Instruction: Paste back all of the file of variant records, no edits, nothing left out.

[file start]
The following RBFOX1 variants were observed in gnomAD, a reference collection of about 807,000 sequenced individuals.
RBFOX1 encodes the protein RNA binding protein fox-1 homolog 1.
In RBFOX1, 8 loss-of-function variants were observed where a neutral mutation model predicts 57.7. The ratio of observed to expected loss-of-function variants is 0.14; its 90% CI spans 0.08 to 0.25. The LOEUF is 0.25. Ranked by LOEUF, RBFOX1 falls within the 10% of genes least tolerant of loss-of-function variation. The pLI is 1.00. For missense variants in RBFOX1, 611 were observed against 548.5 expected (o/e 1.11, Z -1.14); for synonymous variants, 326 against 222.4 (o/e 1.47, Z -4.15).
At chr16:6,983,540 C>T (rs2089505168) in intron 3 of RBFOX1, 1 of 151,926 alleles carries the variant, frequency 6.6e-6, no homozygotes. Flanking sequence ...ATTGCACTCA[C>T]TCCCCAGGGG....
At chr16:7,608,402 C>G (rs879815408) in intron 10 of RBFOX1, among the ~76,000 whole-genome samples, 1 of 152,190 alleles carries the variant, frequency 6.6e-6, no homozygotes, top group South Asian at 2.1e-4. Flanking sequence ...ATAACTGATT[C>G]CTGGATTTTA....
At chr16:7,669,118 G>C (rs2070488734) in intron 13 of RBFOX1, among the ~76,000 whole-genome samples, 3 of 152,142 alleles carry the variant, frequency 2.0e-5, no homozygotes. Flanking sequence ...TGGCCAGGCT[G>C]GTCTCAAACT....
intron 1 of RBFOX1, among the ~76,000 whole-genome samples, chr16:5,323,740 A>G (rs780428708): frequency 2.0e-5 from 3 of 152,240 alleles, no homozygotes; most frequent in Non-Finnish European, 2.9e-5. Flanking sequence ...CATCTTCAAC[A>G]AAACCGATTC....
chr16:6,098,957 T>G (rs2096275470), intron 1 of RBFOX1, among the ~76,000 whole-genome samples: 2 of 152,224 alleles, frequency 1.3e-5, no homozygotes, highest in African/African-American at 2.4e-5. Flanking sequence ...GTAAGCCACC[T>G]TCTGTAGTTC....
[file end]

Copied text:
The following RBFOX1 variants were observed in gnomAD, a reference collection of about 807,000 sequenced individuals.
RBFOX1 encodes the protein RNA binding protein fox-1 homolog 1.
In RBFOX1, 8 loss-of-function variants were observed where a neutral mutation model predicts 57.7. The ratio of observed to expected loss-of-function variants is 0.14; its 90% CI spans 0.08 to 0.25. The LOEUF is 0.25. Ranked by LOEUF, RBFOX1 falls within the 10% of genes least tolerant of loss-of-function variation. The pLI is 1.00. For missense variants in RBFOX1, 611 were observed against 548.5 expected (o/e 1.11, Z -1.14); for synonymous variants, 326 against 222.4 (o/e 1.47, Z -4.15).
At chr16:6,983,540 C>T (rs2089505168) in intron 3 of RBFOX1, 1 of 151,926 alleles carries the variant, frequency 6.6e-6, no homozygotes. Flanking sequence ...ATTGCACTCA[C>T]TCCCCAGGGG....
At chr16:7,608,402 C>G (rs879815408) in intron 10 of RBFOX1, among the ~76,000 whole-genome samples, 1 of 152,190 alleles carries the variant, frequency 6.6e-6, no homozygotes, top group South Asian at 2.1e-4. Flanking sequence ...ATAACTGATT[C>G]CTGGATTTTA....
At chr16:7,669,118 G>C (rs2070488734) in intron 13 of RBFOX1, among the ~76,000 whole-genome samples, 3 of 152,142 alleles carry the variant, frequency 2.0e-5, no homozygotes. Flanking sequence ...TGGCCAGGCT[G>C]GTCTCAAACT....
intron 1 of RBFOX1, among the ~76,000 whole-genome samples, chr16:5,323,740 A>G (rs780428708): frequency 2.0e-5 from 3 of 152,240 alleles, no homozygotes; most frequent in Non-Finnish European, 2.9e-5. Flanking sequence ...CATCTTCAAC[A>G]AAACCGATTC....
chr16:6,098,957 T>G (rs2096275470), intron 1 of RBFOX1, among the ~76,000 whole-genome samples: 2 of 152,224 alleles, frequency 1.3e-5, no homozygotes, highest in African/African-American at 2.4e-5. Flanking sequence ...GTAAGCCACC[T>G]TCTGTAGTTC....